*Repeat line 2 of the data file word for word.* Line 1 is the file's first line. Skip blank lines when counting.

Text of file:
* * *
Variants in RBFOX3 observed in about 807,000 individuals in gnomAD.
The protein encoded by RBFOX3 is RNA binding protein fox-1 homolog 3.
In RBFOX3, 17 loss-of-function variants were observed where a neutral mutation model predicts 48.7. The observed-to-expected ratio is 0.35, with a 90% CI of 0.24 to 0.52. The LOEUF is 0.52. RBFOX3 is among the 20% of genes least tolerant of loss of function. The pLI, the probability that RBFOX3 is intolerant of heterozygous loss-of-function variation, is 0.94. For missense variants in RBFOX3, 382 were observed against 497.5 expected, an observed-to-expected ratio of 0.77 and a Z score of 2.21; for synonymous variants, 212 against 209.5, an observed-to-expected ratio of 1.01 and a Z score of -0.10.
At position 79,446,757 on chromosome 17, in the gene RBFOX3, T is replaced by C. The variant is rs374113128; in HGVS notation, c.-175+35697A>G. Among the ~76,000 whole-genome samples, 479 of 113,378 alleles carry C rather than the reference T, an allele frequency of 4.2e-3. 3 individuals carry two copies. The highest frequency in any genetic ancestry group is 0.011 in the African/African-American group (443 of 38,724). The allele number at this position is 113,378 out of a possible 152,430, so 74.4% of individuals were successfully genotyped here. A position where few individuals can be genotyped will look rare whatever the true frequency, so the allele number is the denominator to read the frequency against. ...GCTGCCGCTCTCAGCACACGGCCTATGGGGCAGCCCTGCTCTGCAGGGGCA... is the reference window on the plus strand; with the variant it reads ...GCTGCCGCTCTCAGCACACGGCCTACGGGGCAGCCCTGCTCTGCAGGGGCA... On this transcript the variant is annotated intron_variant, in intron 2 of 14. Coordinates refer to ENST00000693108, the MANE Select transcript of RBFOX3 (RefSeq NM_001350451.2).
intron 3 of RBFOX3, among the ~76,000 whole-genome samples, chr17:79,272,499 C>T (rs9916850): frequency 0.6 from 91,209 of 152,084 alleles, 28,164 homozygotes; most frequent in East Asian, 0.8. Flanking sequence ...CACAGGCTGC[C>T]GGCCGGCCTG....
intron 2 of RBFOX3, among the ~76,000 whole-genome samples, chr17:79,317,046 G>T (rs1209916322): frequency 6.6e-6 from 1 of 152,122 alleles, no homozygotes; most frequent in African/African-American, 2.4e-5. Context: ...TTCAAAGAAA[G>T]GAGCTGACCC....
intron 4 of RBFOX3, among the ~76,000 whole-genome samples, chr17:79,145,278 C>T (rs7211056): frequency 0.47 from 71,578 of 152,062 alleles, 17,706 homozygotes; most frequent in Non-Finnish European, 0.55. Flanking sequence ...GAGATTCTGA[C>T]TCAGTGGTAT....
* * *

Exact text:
The protein encoded by RBFOX3 is RNA binding protein fox-1 homolog 3.